Bioremediation of Oil Pollutants by Fungi Associated with Coastal Mangroves from Puerto Rico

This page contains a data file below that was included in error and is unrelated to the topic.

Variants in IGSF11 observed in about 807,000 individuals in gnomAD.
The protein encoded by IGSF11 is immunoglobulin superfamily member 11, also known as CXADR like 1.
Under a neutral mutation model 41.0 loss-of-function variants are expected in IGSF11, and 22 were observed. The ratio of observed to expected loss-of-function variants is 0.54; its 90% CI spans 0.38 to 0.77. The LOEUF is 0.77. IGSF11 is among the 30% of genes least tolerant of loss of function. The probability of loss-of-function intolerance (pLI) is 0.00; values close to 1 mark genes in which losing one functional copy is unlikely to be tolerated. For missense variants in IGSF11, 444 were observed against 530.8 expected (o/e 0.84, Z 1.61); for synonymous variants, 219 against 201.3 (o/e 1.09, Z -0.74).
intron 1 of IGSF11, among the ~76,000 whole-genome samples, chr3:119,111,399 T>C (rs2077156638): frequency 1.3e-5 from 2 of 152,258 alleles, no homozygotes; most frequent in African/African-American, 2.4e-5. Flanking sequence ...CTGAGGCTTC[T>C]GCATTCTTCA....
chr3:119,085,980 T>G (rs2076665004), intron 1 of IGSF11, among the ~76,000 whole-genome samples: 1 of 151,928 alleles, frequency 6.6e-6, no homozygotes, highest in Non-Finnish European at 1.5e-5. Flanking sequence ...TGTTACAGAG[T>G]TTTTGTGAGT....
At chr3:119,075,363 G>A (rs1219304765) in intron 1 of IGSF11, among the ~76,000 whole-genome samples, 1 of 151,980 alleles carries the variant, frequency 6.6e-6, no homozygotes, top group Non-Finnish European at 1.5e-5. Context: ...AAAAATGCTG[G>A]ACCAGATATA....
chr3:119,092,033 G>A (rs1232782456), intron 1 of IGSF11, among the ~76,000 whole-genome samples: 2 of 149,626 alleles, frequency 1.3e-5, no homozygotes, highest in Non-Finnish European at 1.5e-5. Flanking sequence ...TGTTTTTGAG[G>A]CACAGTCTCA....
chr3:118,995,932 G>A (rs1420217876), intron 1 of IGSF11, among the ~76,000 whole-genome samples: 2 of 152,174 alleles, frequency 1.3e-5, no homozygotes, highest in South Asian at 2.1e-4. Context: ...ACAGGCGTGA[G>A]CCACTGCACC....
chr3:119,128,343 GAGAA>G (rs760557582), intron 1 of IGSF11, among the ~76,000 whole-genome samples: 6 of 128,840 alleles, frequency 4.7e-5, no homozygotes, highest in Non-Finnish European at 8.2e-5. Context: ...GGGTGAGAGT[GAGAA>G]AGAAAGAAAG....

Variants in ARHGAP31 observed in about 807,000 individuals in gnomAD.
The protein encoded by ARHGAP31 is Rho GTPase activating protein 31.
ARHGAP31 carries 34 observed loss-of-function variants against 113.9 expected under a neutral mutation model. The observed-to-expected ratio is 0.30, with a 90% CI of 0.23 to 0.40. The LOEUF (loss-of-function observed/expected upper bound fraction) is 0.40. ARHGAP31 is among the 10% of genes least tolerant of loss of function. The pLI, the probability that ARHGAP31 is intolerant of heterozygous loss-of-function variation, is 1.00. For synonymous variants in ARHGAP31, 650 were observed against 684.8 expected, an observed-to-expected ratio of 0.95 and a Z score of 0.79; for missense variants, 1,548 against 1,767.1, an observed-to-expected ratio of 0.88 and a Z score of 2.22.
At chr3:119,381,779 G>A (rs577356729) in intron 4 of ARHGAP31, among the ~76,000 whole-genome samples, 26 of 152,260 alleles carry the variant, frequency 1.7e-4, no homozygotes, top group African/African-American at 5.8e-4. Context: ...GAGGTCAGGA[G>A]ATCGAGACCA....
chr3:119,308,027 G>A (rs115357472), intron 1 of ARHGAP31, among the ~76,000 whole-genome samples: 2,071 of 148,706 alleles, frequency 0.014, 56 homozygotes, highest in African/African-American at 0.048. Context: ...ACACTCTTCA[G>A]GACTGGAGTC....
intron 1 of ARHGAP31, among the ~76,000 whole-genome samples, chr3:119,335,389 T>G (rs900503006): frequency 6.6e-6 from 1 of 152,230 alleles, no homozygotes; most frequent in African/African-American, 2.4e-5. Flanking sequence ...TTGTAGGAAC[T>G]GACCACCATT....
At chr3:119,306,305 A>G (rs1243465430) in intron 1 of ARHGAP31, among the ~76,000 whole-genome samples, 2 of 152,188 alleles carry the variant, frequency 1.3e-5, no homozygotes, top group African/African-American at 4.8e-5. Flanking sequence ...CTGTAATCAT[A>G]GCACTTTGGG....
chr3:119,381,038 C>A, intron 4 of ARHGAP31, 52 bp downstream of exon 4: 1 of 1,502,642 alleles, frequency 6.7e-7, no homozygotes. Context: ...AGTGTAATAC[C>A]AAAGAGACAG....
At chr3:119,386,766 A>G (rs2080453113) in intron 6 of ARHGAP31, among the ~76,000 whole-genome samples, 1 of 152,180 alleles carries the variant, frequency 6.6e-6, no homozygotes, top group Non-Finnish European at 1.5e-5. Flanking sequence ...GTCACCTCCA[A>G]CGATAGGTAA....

Mangroves play an important ecological role in the coastal environment. They stabilize coastlines, reducing erosion from storm surges, waves, tides and currents. This ecosystem is highly vulnerable to pollution regularly exposed to petroleum hydrocarbons (PHCs) from motorboats such as waste gasoline, diesel and motor oil leakage. These compounds have stable ring structures difficult to degrade, hence harmful to the environment and even carcinogenic. The compounds found in the PHCs also accumulate in sediments of mangroves and because of their low solubility and hydrophobic nature it is difficult to eliminate them, thus persisting in the ecosystem. Nonetheless, lignolytic fungi have been found to produce extracellular enzymes capable of degrading these organic compounds. Therefore, the primary objective for this study is to isolate and characterize autochthonous fungi that can degrade PHCs. Twenty seven fungi specimens from mangrove leaves and soil samples were isolated in Potato Dextrose Agar (PDA). These were later inoculated in Congo Red Agar (MgSO4: 0.5g, NaNO3: [10mg/ml], H2KPO4: 0.5g, HK2PO4: 0.6g and Congo Red: [0.04mg/ml]) to determine their ability to degrade azoles. Only thirteen isolates showed growth in the media indicating possible PHC degraders. Molecular characterization was performed for six selected specimens corresponding to Talaromyces ruber, Trichoderma sp., Purpureocillium lilacinum, Aspergillus sp., Emericella sp. and Pichia guilliermondii. These fungi were inoculated in a motor oil waste liquid media (NaNO3, aged sea water and used motor oil) to determine their capacity to degrade PHCs. Biomass production was evaluated by dry weight after 21 days of growth. Preliminary results indicate T. ruber is the fastest strain in our samples so far.